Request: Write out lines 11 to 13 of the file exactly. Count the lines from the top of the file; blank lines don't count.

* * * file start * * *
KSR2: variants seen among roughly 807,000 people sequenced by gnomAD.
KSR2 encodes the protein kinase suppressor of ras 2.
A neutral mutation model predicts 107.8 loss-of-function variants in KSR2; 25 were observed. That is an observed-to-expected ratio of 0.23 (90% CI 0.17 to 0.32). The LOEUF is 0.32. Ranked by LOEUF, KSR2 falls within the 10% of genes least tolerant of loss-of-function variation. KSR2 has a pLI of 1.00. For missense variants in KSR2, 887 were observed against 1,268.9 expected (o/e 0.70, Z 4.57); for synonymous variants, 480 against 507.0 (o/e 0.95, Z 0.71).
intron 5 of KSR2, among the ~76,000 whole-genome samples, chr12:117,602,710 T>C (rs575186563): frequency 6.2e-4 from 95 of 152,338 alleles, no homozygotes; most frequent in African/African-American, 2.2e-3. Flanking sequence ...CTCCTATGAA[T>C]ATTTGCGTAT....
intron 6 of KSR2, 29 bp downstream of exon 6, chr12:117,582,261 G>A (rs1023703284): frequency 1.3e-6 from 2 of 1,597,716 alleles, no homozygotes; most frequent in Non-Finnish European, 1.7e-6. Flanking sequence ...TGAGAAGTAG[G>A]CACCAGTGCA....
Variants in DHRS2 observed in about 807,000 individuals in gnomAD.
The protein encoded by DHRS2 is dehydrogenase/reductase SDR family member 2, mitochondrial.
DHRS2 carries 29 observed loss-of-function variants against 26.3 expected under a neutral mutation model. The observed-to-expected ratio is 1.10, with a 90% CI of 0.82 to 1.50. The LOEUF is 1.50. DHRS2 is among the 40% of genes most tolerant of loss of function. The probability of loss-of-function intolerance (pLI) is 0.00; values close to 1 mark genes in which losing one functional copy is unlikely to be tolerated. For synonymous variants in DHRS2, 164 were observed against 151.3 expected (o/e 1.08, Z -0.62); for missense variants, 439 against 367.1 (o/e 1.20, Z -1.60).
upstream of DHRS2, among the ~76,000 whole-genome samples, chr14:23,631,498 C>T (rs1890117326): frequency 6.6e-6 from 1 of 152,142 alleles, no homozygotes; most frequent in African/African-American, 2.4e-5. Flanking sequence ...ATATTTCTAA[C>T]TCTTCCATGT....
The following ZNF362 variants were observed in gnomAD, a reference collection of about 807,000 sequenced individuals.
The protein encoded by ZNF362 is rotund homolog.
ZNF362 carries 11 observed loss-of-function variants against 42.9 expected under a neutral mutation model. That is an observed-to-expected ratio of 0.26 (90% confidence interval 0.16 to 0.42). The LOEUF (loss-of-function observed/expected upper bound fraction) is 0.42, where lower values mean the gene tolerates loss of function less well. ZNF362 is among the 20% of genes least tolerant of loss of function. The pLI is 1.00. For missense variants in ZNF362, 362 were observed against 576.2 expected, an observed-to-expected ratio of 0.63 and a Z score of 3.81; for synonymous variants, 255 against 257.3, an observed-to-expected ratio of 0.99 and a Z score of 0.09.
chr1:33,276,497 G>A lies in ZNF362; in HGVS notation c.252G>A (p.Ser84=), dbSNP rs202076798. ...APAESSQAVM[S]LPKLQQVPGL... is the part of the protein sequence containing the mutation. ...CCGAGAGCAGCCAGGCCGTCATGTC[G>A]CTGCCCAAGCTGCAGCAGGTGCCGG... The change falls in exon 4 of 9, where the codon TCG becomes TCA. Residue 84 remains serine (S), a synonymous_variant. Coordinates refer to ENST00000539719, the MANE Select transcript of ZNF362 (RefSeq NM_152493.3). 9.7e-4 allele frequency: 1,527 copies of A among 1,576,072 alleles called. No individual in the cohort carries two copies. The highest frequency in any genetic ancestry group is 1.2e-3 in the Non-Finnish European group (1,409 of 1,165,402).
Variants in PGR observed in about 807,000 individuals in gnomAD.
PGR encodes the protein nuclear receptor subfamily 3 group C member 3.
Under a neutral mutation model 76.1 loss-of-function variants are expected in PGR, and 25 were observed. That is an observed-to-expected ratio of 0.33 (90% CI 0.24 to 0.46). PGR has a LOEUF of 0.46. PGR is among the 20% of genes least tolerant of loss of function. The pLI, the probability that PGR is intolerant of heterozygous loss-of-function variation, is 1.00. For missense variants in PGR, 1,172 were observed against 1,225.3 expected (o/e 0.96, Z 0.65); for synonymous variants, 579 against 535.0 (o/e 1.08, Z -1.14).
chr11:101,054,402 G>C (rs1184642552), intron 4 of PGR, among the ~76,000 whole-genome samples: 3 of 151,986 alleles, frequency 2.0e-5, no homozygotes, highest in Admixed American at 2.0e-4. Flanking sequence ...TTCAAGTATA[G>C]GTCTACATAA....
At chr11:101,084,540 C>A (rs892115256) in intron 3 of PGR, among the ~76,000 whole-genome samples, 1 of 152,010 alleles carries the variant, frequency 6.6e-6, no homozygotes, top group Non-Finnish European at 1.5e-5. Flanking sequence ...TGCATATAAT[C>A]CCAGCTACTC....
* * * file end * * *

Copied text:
The protein encoded by ZNF362 is rotund homolog.
ZNF362 carries 11 observed loss-of-function variants against 42.9 expected under a neutral mutation model. That is an observed-to-expected ratio of 0.26 (90% confidence interval 0.16 to 0.42). The LOEUF (loss-of-function observed/expected upper bound fraction) is 0.42, where lower values mean the gene tolerates loss of function less well. ZNF362 is among the 20% of genes least tolerant of loss of function. The pLI is 1.00. For missense variants in ZNF362, 362 were observed against 576.2 expected, an observed-to-expected ratio of 0.63 and a Z score of 3.81; for synonymous variants, 255 against 257.3, an observed-to-expected ratio of 0.99 and a Z score of 0.09.
chr1:33,276,497 G>A lies in ZNF362; in HGVS notation c.252G>A (p.Ser84=), dbSNP rs202076798. ...APAESSQAVM[S]LPKLQQVPGL... is the part of the protein sequence containing the mutation. ...CCGAGAGCAGCCAGGCCGTCATGTC[G>A]CTGCCCAAGCTGCAGCAGGTGCCGG... The change falls in exon 4 of 9, where the codon TCG becomes TCA. Residue 84 remains serine (S), a synonymous_variant. Coordinates refer to ENST00000539719, the MANE Select transcript of ZNF362 (RefSeq NM_152493.3). 9.7e-4 allele frequency: 1,527 copies of A among 1,576,072 alleles called. No individual in the cohort carries two copies. The highest frequency in any genetic ancestry group is 1.2e-3 in the Non-Finnish European group (1,409 of 1,165,402).